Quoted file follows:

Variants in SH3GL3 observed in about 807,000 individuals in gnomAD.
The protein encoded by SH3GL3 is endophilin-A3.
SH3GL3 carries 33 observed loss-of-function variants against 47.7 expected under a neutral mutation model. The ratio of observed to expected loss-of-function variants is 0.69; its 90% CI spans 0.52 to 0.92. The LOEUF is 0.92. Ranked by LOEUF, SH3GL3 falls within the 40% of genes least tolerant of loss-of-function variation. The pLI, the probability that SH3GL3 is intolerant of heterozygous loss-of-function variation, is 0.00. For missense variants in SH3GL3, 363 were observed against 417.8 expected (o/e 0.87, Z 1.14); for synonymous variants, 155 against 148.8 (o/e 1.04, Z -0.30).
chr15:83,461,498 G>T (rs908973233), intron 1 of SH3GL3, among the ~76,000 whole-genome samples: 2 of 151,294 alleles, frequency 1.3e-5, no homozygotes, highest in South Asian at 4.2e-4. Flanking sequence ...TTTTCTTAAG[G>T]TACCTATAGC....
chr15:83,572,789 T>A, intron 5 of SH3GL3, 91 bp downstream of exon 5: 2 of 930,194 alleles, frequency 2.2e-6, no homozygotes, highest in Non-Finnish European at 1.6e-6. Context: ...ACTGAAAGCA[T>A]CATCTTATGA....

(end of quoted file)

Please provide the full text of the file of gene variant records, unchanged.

Variants in SH3GL3 observed in about 807,000 individuals in gnomAD.
The protein encoded by SH3GL3 is endophilin-A3.
SH3GL3 carries 33 observed loss-of-function variants against 47.7 expected under a neutral mutation model. The ratio of observed to expected loss-of-function variants is 0.69; its 90% CI spans 0.52 to 0.92. The LOEUF is 0.92. Ranked by LOEUF, SH3GL3 falls within the 40% of genes least tolerant of loss-of-function variation. The pLI, the probability that SH3GL3 is intolerant of heterozygous loss-of-function variation, is 0.00. For missense variants in SH3GL3, 363 were observed against 417.8 expected (o/e 0.87, Z 1.14); for synonymous variants, 155 against 148.8 (o/e 1.04, Z -0.30).
chr15:83,461,498 G>T (rs908973233), intron 1 of SH3GL3, among the ~76,000 whole-genome samples: 2 of 151,294 alleles, frequency 1.3e-5, no homozygotes, highest in South Asian at 4.2e-4. Flanking sequence ...TTTTCTTAAG[G>T]TACCTATAGC....
chr15:83,572,789 T>A, intron 5 of SH3GL3, 91 bp downstream of exon 5: 2 of 930,194 alleles, frequency 2.2e-6, no homozygotes, highest in Non-Finnish European at 1.6e-6. Context: ...ACTGAAAGCA[T>A]CATCTTATGA....